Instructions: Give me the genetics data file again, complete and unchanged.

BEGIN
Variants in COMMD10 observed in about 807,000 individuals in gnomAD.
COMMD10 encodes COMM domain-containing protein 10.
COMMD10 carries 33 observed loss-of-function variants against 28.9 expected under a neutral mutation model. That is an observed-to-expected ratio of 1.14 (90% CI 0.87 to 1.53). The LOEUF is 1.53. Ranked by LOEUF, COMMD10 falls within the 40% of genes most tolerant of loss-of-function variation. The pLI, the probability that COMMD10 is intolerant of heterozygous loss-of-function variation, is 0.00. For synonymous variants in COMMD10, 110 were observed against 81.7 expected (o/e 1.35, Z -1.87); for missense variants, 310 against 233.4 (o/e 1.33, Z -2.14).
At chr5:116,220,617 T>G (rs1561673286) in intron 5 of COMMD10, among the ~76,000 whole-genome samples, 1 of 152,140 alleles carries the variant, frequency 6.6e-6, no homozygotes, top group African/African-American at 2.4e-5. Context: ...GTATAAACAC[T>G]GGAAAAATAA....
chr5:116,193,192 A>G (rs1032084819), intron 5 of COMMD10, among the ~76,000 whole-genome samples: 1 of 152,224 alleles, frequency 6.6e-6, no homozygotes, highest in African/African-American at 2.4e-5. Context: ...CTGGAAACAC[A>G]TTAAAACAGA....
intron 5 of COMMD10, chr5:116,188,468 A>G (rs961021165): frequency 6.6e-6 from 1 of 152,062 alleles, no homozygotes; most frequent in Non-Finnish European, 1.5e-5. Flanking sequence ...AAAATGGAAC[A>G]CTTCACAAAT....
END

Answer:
Variants in COMMD10 observed in about 807,000 individuals in gnomAD.
COMMD10 encodes COMM domain-containing protein 10.
COMMD10 carries 33 observed loss-of-function variants against 28.9 expected under a neutral mutation model. That is an observed-to-expected ratio of 1.14 (90% CI 0.87 to 1.53). The LOEUF is 1.53. Ranked by LOEUF, COMMD10 falls within the 40% of genes most tolerant of loss-of-function variation. The pLI, the probability that COMMD10 is intolerant of heterozygous loss-of-function variation, is 0.00. For synonymous variants in COMMD10, 110 were observed against 81.7 expected (o/e 1.35, Z -1.87); for missense variants, 310 against 233.4 (o/e 1.33, Z -2.14).
At chr5:116,220,617 T>G (rs1561673286) in intron 5 of COMMD10, among the ~76,000 whole-genome samples, 1 of 152,140 alleles carries the variant, frequency 6.6e-6, no homozygotes, top group African/African-American at 2.4e-5. Context: ...GTATAAACAC[T>G]GGAAAAATAA....
chr5:116,193,192 A>G (rs1032084819), intron 5 of COMMD10, among the ~76,000 whole-genome samples: 1 of 152,224 alleles, frequency 6.6e-6, no homozygotes, highest in African/African-American at 2.4e-5. Context: ...CTGGAAACAC[A>G]TTAAAACAGA....
intron 5 of COMMD10, chr5:116,188,468 A>G (rs961021165): frequency 6.6e-6 from 1 of 152,062 alleles, no homozygotes; most frequent in Non-Finnish European, 1.5e-5. Flanking sequence ...AAAATGGAAC[A>G]CTTCACAAAT....